Being Bipolar – 1 of 3 – Every person is different – #Channel4 #Bipolar

Regarding the UK’s Channel 4 programme, “Being Bipolar” that was shown on 6th March 2015:

I tend to agree with journalist, Yvette Caster, as she shares her personal experiences as a person diagnosed as bipolar. Yvette writes,

The talking cure can help to an extent but, for me at least, the doing cure is far more effective.

As in taking dance classes to cheer me up, singing, going to bed before 11pm, avoiding too much alcohol, not smoking, never taking drugs, taking baths, meditating, swimming, walking and, crucially, working.

This last bit of ‘therapy’ has helped me more than any amount of sitting in a room with a lady with inadvisable style choices attempting to answer personal questions ever could.

Regular, productive activity that gives you a sense of achievement and purpose is crucial to happiness, bipolar or no.

Yvette’s full article is here: London-Metro-Newspaper

A 40 second preview on youtube:

About Roger Smith (in the UK)
Helping you to think about bipolar disorder in different ways so that we can eliminate the disorder and eventually eliminate the need for this diagnosis.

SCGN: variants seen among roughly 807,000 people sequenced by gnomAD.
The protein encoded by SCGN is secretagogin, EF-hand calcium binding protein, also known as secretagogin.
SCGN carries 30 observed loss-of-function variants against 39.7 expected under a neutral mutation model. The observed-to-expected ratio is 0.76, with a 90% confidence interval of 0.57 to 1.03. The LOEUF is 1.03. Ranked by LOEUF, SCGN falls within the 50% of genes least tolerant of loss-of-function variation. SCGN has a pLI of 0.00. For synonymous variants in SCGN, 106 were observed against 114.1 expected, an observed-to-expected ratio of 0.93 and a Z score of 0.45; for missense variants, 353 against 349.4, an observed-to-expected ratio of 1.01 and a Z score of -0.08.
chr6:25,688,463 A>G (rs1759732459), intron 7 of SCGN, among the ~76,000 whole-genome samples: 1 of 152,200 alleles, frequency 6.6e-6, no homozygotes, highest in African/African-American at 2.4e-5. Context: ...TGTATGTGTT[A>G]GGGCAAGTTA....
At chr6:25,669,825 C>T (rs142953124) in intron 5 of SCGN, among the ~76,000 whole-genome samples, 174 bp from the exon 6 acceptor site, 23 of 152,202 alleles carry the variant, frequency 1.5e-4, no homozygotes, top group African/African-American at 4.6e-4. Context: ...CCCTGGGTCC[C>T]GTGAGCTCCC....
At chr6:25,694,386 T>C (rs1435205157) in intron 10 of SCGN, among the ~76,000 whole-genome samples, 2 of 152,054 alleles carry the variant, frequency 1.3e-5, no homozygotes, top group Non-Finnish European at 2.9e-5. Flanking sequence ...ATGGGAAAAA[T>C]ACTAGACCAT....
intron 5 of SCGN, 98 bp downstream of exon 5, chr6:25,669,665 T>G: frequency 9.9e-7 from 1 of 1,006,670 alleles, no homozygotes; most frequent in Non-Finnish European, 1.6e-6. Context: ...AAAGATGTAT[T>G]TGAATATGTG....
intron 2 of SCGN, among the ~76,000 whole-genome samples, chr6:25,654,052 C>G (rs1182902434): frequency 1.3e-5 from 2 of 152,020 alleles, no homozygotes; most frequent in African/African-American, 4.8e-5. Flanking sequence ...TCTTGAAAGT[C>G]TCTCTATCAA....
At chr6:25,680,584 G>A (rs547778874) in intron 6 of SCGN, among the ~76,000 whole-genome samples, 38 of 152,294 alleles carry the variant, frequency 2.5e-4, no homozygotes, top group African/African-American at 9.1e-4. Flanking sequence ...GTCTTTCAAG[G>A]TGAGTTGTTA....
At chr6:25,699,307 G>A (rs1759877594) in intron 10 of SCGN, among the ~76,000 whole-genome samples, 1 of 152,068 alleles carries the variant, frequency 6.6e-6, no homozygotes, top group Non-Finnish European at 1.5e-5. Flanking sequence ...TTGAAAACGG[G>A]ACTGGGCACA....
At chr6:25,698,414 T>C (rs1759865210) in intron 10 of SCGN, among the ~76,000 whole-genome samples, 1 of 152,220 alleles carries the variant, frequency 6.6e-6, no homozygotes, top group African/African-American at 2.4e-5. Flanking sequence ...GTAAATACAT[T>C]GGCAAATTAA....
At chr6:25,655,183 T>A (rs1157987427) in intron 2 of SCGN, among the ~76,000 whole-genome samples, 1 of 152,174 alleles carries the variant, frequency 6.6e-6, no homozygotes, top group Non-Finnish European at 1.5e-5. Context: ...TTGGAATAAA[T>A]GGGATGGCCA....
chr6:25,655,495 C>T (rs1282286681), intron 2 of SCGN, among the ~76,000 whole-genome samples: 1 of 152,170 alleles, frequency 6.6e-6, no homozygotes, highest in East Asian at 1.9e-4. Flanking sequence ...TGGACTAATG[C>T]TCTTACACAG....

4 Responses to Being Bipolar – 1 of 3 – Every person is different – #Channel4 #Bipolar

  1. Alien says:

    All good advise… My chemist thinks vitamin supplements can sometimes help… Help in reducing medication needs…Allan


  2. Alien says:

    ….also don’t drink stimulants like coffee!


  3. Caffeine has kind of been my ‘drug of choice’ for years, but really though you are so right… Coffee is something to minimize if we are to get our moods under control. It seems it is not just the caffeine – there are other things in coffee that can also disrupt moods.
    Yesterday I had a caffeine free day… I slept slightly better and am more alert this morning than after almost any day when I use caffeine.
    Sometime I am keen to share what I have learned about caffeine addiction and ways to come off or reduce dependence on this mood altering drug.
    I am not saying that everyone needs to stop having it, but like any drug people need to understand it before deciding how much to rely on it.


  4. Margaret Taylor says:

    I stopped drinking coffee 25 years ago when I had trouble with anxiety and panic attacks. Rarely, do I have one now and I don’t miss it a bit. A cup a tea is soothing to me, whether it be orange pekoe, chamomile or Bengal spice.


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